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Swat is one of the seven districts of the Malakand Division in Pakistan’s North-West Frontier Province, or NWFP.
This once-popular Hindu Kush tourist destination is located around 170 kilometers northeast of Peshawar, the provincial capital of NWFP and the gateway to Afghanistan. Although Swat is known as the Switzerland of Asia because of its scenic beauty, the name became more familiar to many across the world following the emergence of the Taliban in the mid-2000s and the subsequent Pakistani military operations in the valley. Talibanization in Swat brought destruction to the otherwise peaceful area, and hundreds of people--anti-Taliban and bystanders--were gunned down, beheaded, kidnapped, or expelled from their homes. These violent excesses and the reactions throughout Pakistan to them finally forced the Pakistani government to take serious action, which culminated in the launch of Operation Rah-e-Raast, or “Right Path,” in April 2009. The offensive mostly quelled the militant movement in Swat, while killing nearly 600 Taliban foot soldiers and some of their leaders. However, nearly 2.5 million people were displaced from the Malakand area following the launch of the operation, scores of civilians were killed, and much property was destroyed by Pakistani military air power and artillery shelling. Citizens of Swat were finally able to return in mid-July that year after the Taliban was routed, although occasional incidents continue today.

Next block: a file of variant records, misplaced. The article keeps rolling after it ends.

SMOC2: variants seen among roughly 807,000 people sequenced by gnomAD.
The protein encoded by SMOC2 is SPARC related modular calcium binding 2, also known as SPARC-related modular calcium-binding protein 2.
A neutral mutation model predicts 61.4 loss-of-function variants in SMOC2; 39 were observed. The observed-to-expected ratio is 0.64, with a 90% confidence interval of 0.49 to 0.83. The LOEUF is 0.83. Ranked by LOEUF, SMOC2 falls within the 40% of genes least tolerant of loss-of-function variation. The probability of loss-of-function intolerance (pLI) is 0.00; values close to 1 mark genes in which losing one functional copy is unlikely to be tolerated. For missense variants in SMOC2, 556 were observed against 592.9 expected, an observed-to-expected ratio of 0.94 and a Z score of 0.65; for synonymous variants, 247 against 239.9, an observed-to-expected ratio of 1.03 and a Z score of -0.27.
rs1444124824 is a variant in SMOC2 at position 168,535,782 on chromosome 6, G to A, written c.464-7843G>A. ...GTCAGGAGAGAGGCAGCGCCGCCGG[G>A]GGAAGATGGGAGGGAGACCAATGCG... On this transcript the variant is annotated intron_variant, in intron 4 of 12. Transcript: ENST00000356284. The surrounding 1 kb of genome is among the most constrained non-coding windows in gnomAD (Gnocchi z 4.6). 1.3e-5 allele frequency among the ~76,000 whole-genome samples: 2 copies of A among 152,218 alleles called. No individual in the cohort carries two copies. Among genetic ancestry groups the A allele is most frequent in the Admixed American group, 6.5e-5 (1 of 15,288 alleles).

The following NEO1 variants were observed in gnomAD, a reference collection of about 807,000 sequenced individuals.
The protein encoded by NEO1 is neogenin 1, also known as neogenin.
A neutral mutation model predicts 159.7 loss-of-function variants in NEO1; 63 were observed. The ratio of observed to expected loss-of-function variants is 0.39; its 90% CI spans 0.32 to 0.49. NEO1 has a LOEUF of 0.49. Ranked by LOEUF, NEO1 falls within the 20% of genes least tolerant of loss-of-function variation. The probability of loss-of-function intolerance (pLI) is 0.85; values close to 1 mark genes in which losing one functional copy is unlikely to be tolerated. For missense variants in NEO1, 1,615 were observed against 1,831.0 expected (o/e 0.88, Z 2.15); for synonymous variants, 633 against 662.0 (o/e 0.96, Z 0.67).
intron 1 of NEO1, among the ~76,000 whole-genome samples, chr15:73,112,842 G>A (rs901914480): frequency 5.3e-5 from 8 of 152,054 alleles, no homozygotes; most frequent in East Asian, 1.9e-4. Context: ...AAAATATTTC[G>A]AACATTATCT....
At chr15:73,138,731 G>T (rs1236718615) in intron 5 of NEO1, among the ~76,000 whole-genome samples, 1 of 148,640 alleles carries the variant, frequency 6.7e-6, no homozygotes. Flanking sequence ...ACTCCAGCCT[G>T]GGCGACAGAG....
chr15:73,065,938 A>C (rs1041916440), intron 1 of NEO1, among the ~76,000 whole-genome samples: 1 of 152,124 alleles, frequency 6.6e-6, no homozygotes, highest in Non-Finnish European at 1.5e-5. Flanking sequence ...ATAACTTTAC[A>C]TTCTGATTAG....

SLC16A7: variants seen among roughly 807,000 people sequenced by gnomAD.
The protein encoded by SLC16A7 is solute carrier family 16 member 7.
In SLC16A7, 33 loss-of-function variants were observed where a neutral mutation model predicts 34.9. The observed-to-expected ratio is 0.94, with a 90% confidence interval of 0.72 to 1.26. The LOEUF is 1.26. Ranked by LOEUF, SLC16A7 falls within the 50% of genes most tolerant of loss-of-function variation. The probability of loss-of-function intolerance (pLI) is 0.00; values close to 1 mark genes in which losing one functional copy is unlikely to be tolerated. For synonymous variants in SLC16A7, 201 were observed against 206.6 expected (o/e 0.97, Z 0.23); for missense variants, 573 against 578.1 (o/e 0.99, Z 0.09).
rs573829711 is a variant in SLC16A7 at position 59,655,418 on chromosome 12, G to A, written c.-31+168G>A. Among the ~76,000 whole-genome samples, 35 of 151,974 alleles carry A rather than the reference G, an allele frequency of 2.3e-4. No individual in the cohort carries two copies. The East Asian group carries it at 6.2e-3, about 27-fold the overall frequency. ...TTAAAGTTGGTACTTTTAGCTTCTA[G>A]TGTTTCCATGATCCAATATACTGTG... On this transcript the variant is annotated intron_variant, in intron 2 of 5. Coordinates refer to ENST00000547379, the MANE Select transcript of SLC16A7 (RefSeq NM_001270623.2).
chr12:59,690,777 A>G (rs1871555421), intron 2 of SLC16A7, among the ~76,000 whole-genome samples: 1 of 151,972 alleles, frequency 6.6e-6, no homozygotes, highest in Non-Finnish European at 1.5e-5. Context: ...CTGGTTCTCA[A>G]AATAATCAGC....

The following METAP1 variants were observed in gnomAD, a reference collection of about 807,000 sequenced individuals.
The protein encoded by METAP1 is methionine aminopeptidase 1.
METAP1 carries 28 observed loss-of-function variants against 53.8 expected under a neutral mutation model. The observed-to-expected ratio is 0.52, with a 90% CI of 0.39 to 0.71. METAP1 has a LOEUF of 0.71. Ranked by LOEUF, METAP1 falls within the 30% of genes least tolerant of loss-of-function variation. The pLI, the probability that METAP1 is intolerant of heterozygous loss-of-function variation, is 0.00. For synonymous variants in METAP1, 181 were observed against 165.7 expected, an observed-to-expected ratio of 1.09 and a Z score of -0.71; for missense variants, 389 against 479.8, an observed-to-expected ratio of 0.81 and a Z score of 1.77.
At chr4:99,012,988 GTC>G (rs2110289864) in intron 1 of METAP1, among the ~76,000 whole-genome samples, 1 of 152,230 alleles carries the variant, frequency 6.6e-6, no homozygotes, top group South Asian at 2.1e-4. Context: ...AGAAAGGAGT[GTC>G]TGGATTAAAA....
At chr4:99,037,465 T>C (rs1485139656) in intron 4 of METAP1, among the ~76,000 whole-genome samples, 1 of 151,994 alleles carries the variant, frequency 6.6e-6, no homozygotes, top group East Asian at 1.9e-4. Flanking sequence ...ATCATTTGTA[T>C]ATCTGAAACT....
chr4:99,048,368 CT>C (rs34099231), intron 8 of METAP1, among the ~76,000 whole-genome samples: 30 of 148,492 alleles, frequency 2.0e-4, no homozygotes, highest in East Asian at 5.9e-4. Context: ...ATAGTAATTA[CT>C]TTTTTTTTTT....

Daud Khan Khattak is a Pashtun journalist currently working with the Radio Mashal, a project of Radio Free Europe/Radio Liberty in Prague. Khattak has worked with Pakistan's English dailies The News and Daily Times, Afghanistan's Pajhwok Afghan News, and has also written for Christian Science Monitor and London's Sunday Times.
The NWFP is being renamed Khyber-Pukhtunkhwa.